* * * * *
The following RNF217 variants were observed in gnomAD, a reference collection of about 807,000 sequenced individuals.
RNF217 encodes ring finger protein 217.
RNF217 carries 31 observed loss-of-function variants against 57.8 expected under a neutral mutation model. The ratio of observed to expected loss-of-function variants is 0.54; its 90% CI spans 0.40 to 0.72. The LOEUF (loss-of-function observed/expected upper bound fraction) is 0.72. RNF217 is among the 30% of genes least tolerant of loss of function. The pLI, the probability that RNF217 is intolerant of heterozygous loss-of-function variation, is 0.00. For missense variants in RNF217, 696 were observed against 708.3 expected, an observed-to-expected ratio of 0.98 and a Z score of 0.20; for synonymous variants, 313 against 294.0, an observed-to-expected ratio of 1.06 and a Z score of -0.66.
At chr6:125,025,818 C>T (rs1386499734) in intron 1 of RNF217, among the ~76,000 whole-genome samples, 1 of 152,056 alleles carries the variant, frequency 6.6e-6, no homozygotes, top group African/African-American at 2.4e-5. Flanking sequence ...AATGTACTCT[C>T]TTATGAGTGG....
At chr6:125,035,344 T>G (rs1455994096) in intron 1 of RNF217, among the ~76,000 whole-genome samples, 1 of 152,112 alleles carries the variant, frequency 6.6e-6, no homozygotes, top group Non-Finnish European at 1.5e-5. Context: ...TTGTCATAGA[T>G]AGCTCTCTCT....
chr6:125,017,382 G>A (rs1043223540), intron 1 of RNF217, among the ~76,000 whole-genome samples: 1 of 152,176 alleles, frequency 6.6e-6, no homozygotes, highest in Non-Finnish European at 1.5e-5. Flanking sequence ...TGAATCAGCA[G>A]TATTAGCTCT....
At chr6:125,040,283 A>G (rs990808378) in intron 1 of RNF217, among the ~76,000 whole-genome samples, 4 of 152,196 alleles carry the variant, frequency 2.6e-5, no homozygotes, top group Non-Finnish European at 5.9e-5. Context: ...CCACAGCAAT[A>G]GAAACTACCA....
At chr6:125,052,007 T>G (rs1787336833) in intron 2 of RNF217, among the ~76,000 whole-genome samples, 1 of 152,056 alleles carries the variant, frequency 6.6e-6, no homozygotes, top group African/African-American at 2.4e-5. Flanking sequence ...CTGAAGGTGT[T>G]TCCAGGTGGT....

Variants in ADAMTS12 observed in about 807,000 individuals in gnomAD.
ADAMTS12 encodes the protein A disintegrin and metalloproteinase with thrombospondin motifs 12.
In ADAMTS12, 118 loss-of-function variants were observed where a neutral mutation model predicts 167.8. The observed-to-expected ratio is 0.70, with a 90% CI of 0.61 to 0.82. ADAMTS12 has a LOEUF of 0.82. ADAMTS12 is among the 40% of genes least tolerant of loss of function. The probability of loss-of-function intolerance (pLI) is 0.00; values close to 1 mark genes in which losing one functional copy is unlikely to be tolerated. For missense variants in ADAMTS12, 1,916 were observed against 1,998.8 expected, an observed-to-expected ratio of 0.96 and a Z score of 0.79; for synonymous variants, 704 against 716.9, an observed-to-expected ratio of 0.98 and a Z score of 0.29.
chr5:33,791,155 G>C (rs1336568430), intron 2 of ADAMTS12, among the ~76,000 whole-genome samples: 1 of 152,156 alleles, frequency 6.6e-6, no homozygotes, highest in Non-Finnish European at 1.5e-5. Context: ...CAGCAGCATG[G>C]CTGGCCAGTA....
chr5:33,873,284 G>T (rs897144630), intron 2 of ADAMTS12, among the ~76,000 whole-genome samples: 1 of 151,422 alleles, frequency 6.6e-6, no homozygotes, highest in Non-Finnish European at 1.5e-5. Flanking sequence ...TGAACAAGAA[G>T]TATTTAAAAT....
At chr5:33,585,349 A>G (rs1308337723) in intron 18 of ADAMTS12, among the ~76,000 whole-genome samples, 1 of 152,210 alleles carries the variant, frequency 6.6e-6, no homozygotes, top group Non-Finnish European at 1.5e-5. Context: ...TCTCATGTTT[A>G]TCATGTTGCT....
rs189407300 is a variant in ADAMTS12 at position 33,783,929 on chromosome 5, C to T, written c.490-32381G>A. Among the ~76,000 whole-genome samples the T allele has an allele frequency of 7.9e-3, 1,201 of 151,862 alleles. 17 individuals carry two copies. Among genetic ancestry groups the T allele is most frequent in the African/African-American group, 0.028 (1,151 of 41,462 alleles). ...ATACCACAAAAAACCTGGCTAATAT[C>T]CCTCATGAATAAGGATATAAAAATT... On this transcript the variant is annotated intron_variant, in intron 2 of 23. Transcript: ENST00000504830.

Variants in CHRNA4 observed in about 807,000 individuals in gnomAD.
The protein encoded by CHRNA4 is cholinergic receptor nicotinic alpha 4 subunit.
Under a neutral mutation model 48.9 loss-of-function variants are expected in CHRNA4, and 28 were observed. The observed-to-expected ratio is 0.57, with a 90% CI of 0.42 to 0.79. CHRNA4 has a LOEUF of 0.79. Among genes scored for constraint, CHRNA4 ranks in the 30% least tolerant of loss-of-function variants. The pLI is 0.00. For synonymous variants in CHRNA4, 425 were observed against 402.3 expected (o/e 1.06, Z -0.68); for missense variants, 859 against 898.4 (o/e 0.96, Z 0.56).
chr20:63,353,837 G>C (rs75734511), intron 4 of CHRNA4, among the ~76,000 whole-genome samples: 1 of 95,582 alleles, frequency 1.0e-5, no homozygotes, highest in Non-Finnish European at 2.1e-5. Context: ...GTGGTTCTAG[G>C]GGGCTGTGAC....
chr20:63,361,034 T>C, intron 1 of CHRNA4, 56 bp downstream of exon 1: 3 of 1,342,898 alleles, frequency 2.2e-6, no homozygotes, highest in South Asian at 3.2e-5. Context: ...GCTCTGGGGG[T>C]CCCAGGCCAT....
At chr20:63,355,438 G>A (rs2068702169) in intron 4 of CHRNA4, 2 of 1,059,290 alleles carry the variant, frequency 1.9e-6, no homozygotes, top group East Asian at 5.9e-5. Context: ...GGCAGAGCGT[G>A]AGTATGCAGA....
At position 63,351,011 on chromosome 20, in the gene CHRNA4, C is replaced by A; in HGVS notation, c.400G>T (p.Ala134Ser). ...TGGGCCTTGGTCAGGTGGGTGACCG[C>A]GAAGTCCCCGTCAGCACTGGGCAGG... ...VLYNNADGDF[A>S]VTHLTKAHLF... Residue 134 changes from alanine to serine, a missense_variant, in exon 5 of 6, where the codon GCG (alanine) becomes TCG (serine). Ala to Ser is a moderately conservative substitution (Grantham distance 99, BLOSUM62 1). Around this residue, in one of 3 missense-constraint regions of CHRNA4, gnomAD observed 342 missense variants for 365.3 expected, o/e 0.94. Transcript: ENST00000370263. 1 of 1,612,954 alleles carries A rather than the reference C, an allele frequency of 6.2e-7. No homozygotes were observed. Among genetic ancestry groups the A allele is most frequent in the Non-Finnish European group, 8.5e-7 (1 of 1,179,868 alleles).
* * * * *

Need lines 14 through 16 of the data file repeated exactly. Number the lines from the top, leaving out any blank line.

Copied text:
At chr5:33,585,349 A>G (rs1308337723) in intron 18 of ADAMTS12, among the ~76,000 whole-genome samples, 1 of 152,210 alleles carries the variant, frequency 6.6e-6, no homozygotes, top group Non-Finnish European at 1.5e-5. Context: ...TCTCATGTTT[A>G]TCATGTTGCT....
rs189407300 is a variant in ADAMTS12 at position 33,783,929 on chromosome 5, C to T, written c.490-32381G>A. Among the ~76,000 whole-genome samples the T allele has an allele frequency of 7.9e-3, 1,201 of 151,862 alleles. 17 individuals carry two copies. Among genetic ancestry groups the T allele is most frequent in the African/African-American group, 0.028 (1,151 of 41,462 alleles). ...ATACCACAAAAAACCTGGCTAATAT[C>T]CCTCATGAATAAGGATATAAAAATT... On this transcript the variant is annotated intron_variant, in intron 2 of 23. Transcript: ENST00000504830.

Variants in CHRNA4 observed in about 807,000 individuals in gnomAD.